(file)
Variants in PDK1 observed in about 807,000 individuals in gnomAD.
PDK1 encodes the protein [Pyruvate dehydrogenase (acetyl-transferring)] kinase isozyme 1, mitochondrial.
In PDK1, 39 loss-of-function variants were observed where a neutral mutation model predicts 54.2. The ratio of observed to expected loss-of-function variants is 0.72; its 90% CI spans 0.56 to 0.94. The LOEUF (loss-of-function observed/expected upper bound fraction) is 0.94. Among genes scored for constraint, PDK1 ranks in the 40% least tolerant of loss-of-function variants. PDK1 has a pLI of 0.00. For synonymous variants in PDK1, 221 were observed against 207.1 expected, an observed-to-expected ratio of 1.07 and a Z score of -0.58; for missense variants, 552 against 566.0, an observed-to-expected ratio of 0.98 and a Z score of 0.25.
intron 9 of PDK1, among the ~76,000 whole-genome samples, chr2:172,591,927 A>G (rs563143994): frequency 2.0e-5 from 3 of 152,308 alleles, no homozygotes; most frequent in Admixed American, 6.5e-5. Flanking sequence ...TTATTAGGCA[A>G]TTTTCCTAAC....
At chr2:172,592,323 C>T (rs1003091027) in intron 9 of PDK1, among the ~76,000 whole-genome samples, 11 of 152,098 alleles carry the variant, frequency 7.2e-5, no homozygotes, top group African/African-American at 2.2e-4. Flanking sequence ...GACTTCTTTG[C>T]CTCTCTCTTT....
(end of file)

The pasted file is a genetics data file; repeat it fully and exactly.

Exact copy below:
Variants in PDK1 observed in about 807,000 individuals in gnomAD.
PDK1 encodes the protein [Pyruvate dehydrogenase (acetyl-transferring)] kinase isozyme 1, mitochondrial.
In PDK1, 39 loss-of-function variants were observed where a neutral mutation model predicts 54.2. The ratio of observed to expected loss-of-function variants is 0.72; its 90% CI spans 0.56 to 0.94. The LOEUF (loss-of-function observed/expected upper bound fraction) is 0.94. Among genes scored for constraint, PDK1 ranks in the 40% least tolerant of loss-of-function variants. PDK1 has a pLI of 0.00. For synonymous variants in PDK1, 221 were observed against 207.1 expected, an observed-to-expected ratio of 1.07 and a Z score of -0.58; for missense variants, 552 against 566.0, an observed-to-expected ratio of 0.98 and a Z score of 0.25.
intron 9 of PDK1, among the ~76,000 whole-genome samples, chr2:172,591,927 A>G (rs563143994): frequency 2.0e-5 from 3 of 152,308 alleles, no homozygotes; most frequent in Admixed American, 6.5e-5. Flanking sequence ...TTATTAGGCA[A>G]TTTTCCTAAC....
At chr2:172,592,323 C>T (rs1003091027) in intron 9 of PDK1, among the ~76,000 whole-genome samples, 11 of 152,098 alleles carry the variant, frequency 7.2e-5, no homozygotes, top group African/African-American at 2.2e-4. Flanking sequence ...GACTTCTTTG[C>T]CTCTCTCTTT....